10-K 1 ufs-10k_20151231.htm 10-K ufs-10k_20151231.htm

 

UNITED STATES

SECURITIES AND EXCHANGE COMMISSION

WASHINGTON, D.C. 20549

 

FORM 10-K

 

x

ANNUAL REPORT PURSUANT TO SECTION 13 OR 15(d) OF THE SECURITIES EXCHANGE ACT OF 1934

For the fiscal year ended December 31, 2015

or

o

TRANSITION REPORT PURSUANT TO SECTION 13 OR 15(d) OF THE SECURITIES EXCHANGE ACT OF 1934

For the transition period from                      to                     

Commission File Number:  001-33164

 

Domtar Corporation

(Exact name of registrant as specified in its charter)

 

 

Delaware

 

20-5901152

(State or Other Jurisdiction of
Incorporation or Organization)

 

(I.R.S. Employer
Identification No.)

 

234 Kingsley Park Drive, Fort Mill, SC 29715

(Address of Principal Executive Offices)(Zip Code)

 

Registrant’s telephone number, including area code:  (803) 802-7500

Securities registered pursuant to Section 12(b) of the Act:

 

 

Title of Each Class

 

Name of Each Exchange on Which Registered

 

 

Common Stock, par value $0.01 per share

 

New York  Stock Exchange

 

 

Securities registered pursuant to Section 12(g) of the Act: None

 

Indicate by check mark if the registrant is a well-known seasoned issuer, as defined in Rule 405 of the Securities Act.    Yes  x    No  o

Indicate by check mark if the registrant is not required to file reports pursuant to Section 13 or Section 15(d) of the Act.    Yes  o    No  x

Indicate by check mark whether the registrant: (1) has filed all reports required to be filed by Section 13 or 15(d) of the Securities Exchange Act of 1934 during the preceding 12 months (or for such shorter period that the registrant was required to file such reports), and (2) has been subject to such filing requirements for the past 90 days.    Yes  x    No  o

Indicate by check mark whether the registrant has submitted electronically and posted on its corporate Website, if any, every Interactive Data File required to be submitted and posted pursuant to Rule 405 of Regulations S-T during the preceding 12 months (or for such shorter period that the registrant was required to submit and post such files).    Yes  x    No  o

Indicate by check mark if disclosure of delinquent filers pursuant to Item 405 of Regulation S-K is not contained herein, and will not be contained, to the best of registrant’s knowledge, in definitive proxy or information statements incorporated by reference in Part III of this Form 10-K or any amendment to this Form 10-K.  o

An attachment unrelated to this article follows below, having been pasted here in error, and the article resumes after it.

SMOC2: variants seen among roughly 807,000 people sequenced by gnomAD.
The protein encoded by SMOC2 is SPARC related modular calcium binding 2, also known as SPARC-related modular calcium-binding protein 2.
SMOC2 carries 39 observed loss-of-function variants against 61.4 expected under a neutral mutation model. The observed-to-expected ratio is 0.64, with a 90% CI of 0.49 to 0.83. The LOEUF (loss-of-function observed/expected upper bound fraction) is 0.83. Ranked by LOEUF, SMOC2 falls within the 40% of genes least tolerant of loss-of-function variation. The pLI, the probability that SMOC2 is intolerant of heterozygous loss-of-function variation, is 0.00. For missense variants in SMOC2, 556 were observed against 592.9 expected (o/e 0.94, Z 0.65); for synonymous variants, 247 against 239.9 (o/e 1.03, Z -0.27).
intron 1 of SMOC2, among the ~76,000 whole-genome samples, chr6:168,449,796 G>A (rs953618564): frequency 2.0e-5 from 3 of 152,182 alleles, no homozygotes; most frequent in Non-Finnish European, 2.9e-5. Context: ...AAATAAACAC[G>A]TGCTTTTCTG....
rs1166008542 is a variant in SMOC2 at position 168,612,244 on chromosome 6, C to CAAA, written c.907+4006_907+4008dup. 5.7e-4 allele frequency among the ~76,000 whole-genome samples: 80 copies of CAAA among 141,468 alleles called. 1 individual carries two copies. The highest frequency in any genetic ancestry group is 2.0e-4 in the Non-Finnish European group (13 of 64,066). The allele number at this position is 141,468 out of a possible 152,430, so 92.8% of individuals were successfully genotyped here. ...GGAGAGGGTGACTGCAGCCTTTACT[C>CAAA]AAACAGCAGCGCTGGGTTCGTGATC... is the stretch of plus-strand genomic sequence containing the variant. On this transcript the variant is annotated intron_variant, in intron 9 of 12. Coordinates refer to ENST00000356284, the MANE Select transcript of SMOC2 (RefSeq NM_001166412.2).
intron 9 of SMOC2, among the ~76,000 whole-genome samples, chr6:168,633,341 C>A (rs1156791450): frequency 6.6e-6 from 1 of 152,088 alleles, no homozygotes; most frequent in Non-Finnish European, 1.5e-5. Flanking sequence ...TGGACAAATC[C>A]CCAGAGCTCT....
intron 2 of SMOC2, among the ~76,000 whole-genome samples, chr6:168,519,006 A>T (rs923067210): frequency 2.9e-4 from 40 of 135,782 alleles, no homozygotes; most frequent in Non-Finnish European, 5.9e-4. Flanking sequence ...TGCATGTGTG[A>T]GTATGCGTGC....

Indicate by check mark whether the registrant is a large accelerated filer, an accelerated filer, a non-accelerated filer, or a smaller reporting company. See definition of “large accelerated filer,” “accelerated filer” and “smaller reporting company” in Rule 12b-2 of the Exchange Act.:

 

Large Accelerated Filer

x

 

Accelerated Filer

o

Non-Accelerated Filer 

o

(Do not check if a smaller reporting company)

Smaller reporting company 

o

 

Indicate by check mark whether the registrant is a shell company (as defined in Rule 12b-2 of the Exchange Act).    Yes  o    No  x 

As of June 30, 2015, the aggregate market value of the registrant’s common stock held by non-affiliates of the registrant was $2,621,377,250.

Number of shares of common stock outstanding as of February 19, 2016: 62,657,297

DOCUMENTS INCORPORATED BY REFERENCE

Portions of the Registrant’s Proxy Statement, to be filed within 120 days of the close of the registrant’s fiscal year, in connection with its 2016 Annual Meeting of Stockholders are incorporated by reference into Part III of this Annual Report on Form 10-K.

 

 

 

 

 


DOMTAR CORPORATION

ANNUAL REPORT ON FORM 10-K

FOR THE YEAR ENDED DECEMBER 31, 2015

TABLE OF CONTENTS

 

 

 

PAGE

PART I

ITEM 1

BUSINESS

4

 

 

General

4

 

 

Availability of Information

4

 

 

Our Corporate Structure

4

 

 

Our Business Segments

4

 

 

Pulp and Paper

6

 

 

Personal Care

10

 

 

Our Strategic Initiatives and Financial Priorities

11

 

 

Our Competition

12

 

 

Our Employees

13

 

 

Our Approach to Sustainability

13

 

 

Our Environmental Compliance

13

 

 

Our Intellectual Property

13

 

 

Our Executive Officers

14

 

 

Forward-looking Statements

14

 

 

 

 

ITEM 1A

RISK FACTORS

15

 

 

 

 

ITEM 1B

UNRESOLVED STAFF COMMENTS

23

 

 

 

 

ITEM 2

PROPERTIES

23

 

 

 

 

ITEM 3

LEGAL PROCEEDINGS

25

 

 

 

 

ITEM 4

MINE SAFETY DISCLOSURES

25

 

 

 

 

PART II

ITEM 5

MARKET FOR REGISTRANT’S COMMON EQUITY, RELATED STOCKHOLDER MATTERS AND ISSUER PURCHASES OF EQUITY SECURITIES

26

 

 

Market Information

26

 

 

Holders

26

 

 

Dividends and Stock Repurchase Program

26

 

 

Performance Graph

28

 

 

 

 

ITEM 6

SELECTED FINANCIAL DATA

29

 

 

 

 

ITEM 7

MANAGEMENT’S DISCUSSION AND ANALYSIS OF FINANCIAL CONDITION AND RESULTS OF OPERATIONS

30

 

 

Overview

30

 

 

2015 Highlights

30

 

 

Outlook

31

 

 

Consolidated Results of Operations

31

 

 

Segment Review

35

 

 

Liquidity and Capital Resources

37

 

 

Recent Accounting Pronouncements and Critical Accounting Estimates and Policies

41

 

 

 

 

ITEM 7A

QUANTITATIVE AND QUALITATIVE DISCLOSURE ABOUT MARKET RISK

48

 

 

 

 

ITEM 8

FINANCIAL STATEMENTS AND SUPPLEMENTARY DATA

50

 

 

Management’s Reports to Shareholders of Domtar Corporation

50

 

 

Report of PricewaterhouseCoopers LLP, Independent Registered Public Accounting Firm

51

 

 

Consolidated Statements of Earnings and Comprehensive (Loss) Income

52

 

 

Consolidated Balance Sheets

53